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L'altra faccia di Modena

PREFACE BY Carlo Contini

For here the artist’s style is completely different to what we have seen in her first book. In-deed, these photographs have a quality of “movement”. And yet the blur is “unique”, some-thing that other photographers fail to depict in similar photographs. It’s a difficult-to-repeat technique and yet Severi has managed not only to master it, but to apply it to the photo-graphs contained in her last four published works. It’s a style that will no doubt earn its place in the history of modern art. While her first book on Modena focused predominantly on winter landscapes and figures, this volume is a celebration of summer, which explodes in all its fragrance, beauty and light. And so, once again, I have been bewitched by her representation of a city I happen to know well. Initially it was the colours that did it, but then I came to fully appreciate the skill with which she presents the subject, transforming some-thing weighty into something light and fluid; almost - dare I say it - “moving”.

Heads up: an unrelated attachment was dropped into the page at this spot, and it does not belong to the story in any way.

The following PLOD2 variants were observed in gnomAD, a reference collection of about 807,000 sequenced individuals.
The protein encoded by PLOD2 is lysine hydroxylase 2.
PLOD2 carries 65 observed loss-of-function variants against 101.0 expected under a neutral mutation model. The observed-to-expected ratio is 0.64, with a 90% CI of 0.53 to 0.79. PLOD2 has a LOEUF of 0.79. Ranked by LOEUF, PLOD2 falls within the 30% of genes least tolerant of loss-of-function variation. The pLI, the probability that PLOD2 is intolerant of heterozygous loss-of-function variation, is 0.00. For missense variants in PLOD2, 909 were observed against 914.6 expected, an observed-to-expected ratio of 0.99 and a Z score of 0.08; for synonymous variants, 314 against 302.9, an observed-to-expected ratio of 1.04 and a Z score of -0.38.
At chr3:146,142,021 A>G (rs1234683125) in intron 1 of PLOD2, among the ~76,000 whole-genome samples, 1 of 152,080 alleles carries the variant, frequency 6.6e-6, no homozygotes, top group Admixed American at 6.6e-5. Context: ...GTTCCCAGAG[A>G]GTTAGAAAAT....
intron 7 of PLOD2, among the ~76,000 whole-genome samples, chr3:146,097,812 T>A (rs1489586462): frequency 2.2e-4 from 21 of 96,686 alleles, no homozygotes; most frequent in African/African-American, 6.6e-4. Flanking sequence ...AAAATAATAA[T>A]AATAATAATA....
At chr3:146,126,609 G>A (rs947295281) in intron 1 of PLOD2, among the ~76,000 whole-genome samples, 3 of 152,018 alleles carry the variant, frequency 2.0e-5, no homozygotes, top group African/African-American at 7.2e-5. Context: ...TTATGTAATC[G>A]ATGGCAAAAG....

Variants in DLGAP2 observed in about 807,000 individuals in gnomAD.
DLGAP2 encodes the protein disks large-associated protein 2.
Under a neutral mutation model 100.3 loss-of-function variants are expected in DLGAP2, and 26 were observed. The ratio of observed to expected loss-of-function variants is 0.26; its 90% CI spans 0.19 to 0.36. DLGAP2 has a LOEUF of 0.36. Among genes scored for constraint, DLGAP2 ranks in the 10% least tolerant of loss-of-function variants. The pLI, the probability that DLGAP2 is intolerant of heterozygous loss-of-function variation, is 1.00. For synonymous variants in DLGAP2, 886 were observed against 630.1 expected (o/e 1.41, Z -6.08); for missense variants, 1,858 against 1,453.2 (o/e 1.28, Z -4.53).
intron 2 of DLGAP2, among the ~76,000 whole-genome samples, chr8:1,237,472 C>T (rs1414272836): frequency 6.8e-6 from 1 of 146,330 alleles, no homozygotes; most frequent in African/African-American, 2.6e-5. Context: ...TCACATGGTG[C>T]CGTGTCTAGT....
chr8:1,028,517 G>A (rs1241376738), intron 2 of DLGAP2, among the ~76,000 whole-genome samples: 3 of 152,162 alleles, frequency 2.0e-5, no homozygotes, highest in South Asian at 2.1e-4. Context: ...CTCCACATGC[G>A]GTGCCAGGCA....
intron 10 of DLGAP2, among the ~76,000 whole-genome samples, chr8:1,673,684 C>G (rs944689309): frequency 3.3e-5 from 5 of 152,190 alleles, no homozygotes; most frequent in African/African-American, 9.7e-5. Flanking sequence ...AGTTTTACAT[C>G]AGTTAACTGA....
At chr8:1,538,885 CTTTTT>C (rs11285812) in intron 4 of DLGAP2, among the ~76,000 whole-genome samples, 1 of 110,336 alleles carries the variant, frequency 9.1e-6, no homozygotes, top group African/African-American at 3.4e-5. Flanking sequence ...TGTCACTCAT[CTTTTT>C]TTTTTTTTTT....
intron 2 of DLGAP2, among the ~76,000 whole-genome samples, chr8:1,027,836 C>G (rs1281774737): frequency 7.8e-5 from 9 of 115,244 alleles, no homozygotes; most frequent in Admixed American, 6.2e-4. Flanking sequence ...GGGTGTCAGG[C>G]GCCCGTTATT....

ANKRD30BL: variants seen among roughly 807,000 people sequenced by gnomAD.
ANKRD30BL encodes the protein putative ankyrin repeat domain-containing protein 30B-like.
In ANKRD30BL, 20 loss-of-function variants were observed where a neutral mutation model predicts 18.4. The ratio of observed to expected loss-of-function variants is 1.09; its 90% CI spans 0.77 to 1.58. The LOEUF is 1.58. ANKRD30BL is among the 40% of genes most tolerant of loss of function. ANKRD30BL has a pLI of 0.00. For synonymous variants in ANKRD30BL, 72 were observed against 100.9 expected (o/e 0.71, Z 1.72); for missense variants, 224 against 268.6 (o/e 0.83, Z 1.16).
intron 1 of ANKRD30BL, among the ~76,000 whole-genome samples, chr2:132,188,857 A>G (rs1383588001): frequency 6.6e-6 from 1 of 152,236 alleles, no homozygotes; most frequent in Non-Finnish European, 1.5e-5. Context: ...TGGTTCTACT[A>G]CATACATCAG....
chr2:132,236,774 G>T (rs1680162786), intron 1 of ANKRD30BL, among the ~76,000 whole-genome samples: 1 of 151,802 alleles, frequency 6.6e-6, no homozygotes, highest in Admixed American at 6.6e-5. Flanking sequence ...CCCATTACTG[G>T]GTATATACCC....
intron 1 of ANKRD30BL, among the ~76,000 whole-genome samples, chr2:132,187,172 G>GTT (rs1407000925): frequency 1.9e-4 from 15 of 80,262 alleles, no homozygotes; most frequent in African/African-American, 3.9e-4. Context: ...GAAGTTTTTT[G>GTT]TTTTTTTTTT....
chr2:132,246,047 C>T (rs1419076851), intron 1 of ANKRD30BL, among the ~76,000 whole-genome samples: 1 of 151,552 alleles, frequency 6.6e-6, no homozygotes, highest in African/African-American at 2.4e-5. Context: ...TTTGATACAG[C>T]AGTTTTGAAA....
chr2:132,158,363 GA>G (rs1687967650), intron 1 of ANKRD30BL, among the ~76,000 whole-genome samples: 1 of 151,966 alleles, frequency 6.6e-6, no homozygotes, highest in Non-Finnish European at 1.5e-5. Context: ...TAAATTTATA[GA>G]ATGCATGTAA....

PREFACE BY Cristina Castellazzi

In M. Pia Severi’s photographs, trivial yet inexorable reality is magically transfigured, taking on the very infinity and abstraction that make it sublime; discarding materiality, weight, and inertia to elevate it, through the imprecision of blurs, vagueness, and the indefinable, to a higher perception of its mysterious essence.

Not the appearance of reality, but rather its most profound intimacy is captured here for a fleeting moment, and offered to us for infinite interpretation. And it never tires of losing itself within these vague confines. Vagueness that calls upon our senses and our mind to ‘feel’ more intensely, to see our vicissitudes with the eyes of the soul amidst these contrasts of light and colour that, by deforming reality, capture it more faithfully.

M. Pia Severi does not hesitate or falter in her investigative coherence. Indeed, she probes into the very heart of normal urban life, enabling us to truly rediscover another facet of her Modena.

The artistic contrast she proposes delicately and bewitchingly investigates the ancient foundations of the city and today’s way of living it, without stopping at the representation of a street, a monument, a balcony, or a meeting in a bar, but by “stealing” the value of the subject, offering a new freshness, a dynamism, a greater beauty... perhaps a message that we don’t notice, because we almost never attempt to see the inherent mystery of things, and therefore their poetry.